Sea Routes and Ports in the Arctic

The main and secondary zones for maritime traffic are based on 2017 vessel traffic data gathered on Automatic Identification System (AIS) by Marine Traffic (blue colours on map). The data shows the locations of vessels during their travels.

The main transport areas are in Northern Europe – from Iceland to the Kara Sea through the Norwegian coast – and along the coast of Alaska (USA).

Cargo ships as well as government vessels, including icebreakers, account for the largest share of the traffic in the Arctic. The number of tourism-related shipping activity and private yachts is increasing.

The main transport corridors in the Arctic, the Northern Sea Route in the Russian Federation, the Northwest Passage in Canada and the Arctic Bridge from Canada to Europe have all experienced significant growth in the maritime traffic in the recent years. The Northern Sea Route is the shortest route between Europe and the Asia-Pacific region is competing with traditional trade lines. Between 2016 and 2017 the cargo volume in Northern Sea Route increased by nearly 40%. In the Canadian Arctic the traffic has almost tripled between 1990-2015.

When it comes to the increasing maritime traffic in the Arctic, the interests of economic potentials and challenging physical conditions are balancing. Even if the sea ice coverage is decreasing, the Arctic region is still a challenging environment. In the wintertime ice floes lack predictability and the conditions vary seasonally. Traveling across multiyear ice – that can be more than three meters thick – is challenging even for icebreakers which progress better across first-year ice – less than one meter thick. Icebreaker escorts in the wintertime are not only costly but are also limiting the maximum width of the vessel escorted. During the open water season the transit is often challenging due to severe storms or heavy fog that is obscuring visibility – thus leading to decreased transit speed. The lack of infrastructure in the region further complicates the transits.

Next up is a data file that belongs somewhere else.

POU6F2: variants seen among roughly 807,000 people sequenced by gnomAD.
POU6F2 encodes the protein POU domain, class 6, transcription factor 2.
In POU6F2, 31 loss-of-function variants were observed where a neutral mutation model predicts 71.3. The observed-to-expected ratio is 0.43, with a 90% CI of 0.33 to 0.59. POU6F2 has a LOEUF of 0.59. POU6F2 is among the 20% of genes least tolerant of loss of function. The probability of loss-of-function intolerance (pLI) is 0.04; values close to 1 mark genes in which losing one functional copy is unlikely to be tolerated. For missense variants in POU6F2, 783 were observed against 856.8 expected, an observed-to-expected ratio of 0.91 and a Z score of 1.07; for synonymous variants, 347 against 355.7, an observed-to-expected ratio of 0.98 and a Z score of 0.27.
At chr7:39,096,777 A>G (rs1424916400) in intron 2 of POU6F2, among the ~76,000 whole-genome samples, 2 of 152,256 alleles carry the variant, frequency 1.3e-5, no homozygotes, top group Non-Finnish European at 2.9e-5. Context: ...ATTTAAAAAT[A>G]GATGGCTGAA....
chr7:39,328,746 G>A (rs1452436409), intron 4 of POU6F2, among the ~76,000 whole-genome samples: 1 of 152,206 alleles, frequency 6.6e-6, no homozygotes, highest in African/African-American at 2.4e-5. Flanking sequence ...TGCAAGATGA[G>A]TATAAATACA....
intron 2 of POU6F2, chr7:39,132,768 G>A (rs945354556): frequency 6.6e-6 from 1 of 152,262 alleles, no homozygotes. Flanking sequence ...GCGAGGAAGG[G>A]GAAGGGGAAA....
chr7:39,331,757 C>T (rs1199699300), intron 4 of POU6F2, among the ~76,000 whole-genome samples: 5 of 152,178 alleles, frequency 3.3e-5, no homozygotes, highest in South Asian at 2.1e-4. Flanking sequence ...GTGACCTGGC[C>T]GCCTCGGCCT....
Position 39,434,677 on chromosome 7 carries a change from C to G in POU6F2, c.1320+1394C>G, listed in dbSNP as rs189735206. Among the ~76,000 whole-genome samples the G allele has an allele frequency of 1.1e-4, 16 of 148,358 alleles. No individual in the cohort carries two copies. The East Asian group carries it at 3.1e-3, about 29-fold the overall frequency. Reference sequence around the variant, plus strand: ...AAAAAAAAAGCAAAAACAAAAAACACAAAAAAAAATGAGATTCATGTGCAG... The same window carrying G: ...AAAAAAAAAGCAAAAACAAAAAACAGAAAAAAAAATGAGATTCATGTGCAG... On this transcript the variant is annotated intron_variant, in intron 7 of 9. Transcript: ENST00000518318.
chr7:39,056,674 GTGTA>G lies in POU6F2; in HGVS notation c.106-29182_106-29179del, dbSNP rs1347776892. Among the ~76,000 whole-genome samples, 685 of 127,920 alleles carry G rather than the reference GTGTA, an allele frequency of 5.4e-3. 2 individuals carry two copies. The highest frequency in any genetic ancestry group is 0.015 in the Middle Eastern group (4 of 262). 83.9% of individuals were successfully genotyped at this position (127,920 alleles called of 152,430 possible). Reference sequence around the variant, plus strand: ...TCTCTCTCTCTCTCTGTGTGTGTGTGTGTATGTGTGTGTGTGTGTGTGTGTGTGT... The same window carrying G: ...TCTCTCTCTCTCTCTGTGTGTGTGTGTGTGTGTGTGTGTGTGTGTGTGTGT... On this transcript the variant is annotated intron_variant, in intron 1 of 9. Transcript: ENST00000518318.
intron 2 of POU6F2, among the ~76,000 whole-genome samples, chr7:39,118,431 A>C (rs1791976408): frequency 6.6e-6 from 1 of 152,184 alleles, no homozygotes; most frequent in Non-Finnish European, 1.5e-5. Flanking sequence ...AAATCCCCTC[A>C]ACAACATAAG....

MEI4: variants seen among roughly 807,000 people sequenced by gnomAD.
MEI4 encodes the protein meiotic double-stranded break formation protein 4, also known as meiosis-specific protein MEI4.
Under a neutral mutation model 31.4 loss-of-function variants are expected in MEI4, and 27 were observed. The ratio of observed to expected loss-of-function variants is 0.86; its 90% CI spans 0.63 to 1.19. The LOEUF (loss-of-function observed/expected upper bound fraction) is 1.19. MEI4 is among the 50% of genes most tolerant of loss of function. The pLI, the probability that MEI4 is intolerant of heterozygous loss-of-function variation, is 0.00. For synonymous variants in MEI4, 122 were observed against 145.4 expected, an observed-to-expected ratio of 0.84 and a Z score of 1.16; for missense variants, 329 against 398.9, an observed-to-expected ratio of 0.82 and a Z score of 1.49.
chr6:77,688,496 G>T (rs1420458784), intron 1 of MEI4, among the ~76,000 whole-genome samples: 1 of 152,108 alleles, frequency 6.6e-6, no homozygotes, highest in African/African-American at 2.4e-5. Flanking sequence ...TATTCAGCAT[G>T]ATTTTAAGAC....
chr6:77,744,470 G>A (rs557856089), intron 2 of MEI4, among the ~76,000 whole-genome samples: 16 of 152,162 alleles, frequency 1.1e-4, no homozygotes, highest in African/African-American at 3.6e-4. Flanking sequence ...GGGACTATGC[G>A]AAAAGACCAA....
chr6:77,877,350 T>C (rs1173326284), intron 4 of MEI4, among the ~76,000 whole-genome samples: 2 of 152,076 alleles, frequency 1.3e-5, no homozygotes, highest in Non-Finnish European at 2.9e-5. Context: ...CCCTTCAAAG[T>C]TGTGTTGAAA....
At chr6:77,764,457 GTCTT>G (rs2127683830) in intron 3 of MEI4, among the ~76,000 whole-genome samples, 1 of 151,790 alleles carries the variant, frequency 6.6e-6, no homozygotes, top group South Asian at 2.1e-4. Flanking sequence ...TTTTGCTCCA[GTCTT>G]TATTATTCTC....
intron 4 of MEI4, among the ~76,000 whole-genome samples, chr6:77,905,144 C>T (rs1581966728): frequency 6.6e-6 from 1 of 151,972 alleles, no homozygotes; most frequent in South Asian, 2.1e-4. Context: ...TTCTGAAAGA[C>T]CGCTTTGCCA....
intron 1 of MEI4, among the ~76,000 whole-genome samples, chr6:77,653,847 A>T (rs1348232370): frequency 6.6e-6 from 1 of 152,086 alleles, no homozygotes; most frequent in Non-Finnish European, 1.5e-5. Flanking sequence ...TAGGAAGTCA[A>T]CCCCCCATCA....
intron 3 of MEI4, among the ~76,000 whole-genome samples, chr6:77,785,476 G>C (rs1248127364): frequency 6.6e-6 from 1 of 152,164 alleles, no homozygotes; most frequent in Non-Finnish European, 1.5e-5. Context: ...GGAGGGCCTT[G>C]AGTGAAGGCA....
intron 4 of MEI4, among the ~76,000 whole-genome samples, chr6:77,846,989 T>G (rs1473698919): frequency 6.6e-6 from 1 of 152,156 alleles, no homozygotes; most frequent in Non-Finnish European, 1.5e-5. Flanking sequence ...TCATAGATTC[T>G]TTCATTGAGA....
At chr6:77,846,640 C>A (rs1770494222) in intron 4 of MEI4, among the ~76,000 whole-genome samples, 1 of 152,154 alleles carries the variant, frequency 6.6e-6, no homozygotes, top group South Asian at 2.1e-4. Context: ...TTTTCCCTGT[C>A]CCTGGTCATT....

As shown in the map there are some 350 ports on the coasts of the Arctic Ocean that are included to World Port Index’s database published by the US National Geospatial-Intelligence Agency. The World Port Index provides the location and physical characteristics, as well as the facilities and services offered by major ports and terminals worldwide. In this map we have chosen to categorise the ports by size and ice conditions. The classification uses several factors, including area, facilities, and wharf space. Based on this classification the port of Murmansk is the only large port in the Arctic. In addition, ten medium sized ports exist in the Arctic. Almost 200 in the Arctic ports are ice free year around.